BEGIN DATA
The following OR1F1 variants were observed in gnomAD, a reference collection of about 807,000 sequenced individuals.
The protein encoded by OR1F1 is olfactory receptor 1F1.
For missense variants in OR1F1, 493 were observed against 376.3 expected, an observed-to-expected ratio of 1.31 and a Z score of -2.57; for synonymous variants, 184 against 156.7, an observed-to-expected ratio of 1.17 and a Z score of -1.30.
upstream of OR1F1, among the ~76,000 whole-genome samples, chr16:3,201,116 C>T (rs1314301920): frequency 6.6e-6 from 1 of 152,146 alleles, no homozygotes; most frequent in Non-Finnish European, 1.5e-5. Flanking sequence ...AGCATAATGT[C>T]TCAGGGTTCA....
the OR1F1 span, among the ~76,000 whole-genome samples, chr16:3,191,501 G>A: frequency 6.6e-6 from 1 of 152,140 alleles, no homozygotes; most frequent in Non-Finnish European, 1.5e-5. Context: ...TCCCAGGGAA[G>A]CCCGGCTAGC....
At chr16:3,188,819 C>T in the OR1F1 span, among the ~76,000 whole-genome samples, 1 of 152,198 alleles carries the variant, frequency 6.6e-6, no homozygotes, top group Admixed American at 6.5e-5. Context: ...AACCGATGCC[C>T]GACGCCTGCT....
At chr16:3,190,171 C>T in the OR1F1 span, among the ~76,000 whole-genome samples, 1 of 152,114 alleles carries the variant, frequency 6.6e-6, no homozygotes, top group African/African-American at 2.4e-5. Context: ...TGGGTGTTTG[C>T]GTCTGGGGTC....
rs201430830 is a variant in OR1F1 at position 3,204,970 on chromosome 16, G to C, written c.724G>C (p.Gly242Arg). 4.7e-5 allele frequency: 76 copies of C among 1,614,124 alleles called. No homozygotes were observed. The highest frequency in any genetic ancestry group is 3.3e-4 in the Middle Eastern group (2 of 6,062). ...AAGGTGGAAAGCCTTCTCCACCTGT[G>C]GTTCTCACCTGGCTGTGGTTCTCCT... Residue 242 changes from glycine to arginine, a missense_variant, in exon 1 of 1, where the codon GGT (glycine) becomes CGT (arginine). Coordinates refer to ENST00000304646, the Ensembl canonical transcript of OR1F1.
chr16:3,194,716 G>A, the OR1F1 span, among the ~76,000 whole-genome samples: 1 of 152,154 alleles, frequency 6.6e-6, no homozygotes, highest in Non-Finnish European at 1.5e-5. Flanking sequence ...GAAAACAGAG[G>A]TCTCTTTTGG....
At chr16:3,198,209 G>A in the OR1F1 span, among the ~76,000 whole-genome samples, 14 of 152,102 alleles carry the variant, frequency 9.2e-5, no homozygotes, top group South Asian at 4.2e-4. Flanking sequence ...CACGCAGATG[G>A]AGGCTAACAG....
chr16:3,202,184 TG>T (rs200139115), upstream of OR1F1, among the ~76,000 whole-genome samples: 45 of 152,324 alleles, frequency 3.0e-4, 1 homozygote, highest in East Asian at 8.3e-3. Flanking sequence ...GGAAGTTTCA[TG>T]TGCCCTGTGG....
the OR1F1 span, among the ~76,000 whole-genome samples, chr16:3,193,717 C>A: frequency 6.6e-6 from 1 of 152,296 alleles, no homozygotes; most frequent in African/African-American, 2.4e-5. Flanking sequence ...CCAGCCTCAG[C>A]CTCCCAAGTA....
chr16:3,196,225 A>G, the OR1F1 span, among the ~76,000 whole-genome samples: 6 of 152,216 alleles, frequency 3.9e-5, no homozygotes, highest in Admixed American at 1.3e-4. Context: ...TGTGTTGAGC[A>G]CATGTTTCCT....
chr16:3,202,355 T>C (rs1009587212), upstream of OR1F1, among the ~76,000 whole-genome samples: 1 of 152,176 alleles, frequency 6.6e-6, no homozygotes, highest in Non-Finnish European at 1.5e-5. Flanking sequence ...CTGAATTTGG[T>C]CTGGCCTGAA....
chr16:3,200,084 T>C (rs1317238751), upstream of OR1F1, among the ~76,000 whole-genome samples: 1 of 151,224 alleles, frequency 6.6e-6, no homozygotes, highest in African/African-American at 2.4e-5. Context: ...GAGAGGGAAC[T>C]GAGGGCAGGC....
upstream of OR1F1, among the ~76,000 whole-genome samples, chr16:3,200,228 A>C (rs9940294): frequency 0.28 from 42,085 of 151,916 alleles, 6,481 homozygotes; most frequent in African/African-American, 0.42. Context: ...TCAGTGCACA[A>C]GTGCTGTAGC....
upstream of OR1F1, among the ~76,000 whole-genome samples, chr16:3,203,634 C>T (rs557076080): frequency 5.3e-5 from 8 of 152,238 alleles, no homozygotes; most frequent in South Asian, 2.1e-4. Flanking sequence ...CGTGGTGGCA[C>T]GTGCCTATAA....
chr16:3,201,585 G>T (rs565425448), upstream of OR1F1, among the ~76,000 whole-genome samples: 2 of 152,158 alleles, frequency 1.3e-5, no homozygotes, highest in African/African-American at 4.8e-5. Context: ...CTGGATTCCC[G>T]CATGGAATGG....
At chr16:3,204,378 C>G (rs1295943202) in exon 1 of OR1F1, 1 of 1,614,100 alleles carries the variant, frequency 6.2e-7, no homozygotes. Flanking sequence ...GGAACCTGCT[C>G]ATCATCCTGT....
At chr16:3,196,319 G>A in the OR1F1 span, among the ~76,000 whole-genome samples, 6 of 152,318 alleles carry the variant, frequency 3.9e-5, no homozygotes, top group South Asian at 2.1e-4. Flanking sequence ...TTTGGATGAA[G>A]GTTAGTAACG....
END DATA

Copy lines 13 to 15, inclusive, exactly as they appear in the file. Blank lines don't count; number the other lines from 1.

chr16:3,196,225 A>G, the OR1F1 span, among the ~76,000 whole-genome samples: 6 of 152,216 alleles, frequency 3.9e-5, no homozygotes, highest in Admixed American at 1.3e-4. Context: ...TGTGTTGAGC[A>G]CATGTTTCCT....
chr16:3,202,355 T>C (rs1009587212), upstream of OR1F1, among the ~76,000 whole-genome samples: 1 of 152,176 alleles, frequency 6.6e-6, no homozygotes, highest in Non-Finnish European at 1.5e-5. Flanking sequence ...CTGAATTTGG[T>C]CTGGCCTGAA....
chr16:3,200,084 T>C (rs1317238751), upstream of OR1F1, among the ~76,000 whole-genome samples: 1 of 151,224 alleles, frequency 6.6e-6, no homozygotes, highest in African/African-American at 2.4e-5. Context: ...GAGAGGGAAC[T>C]GAGGGCAGGC....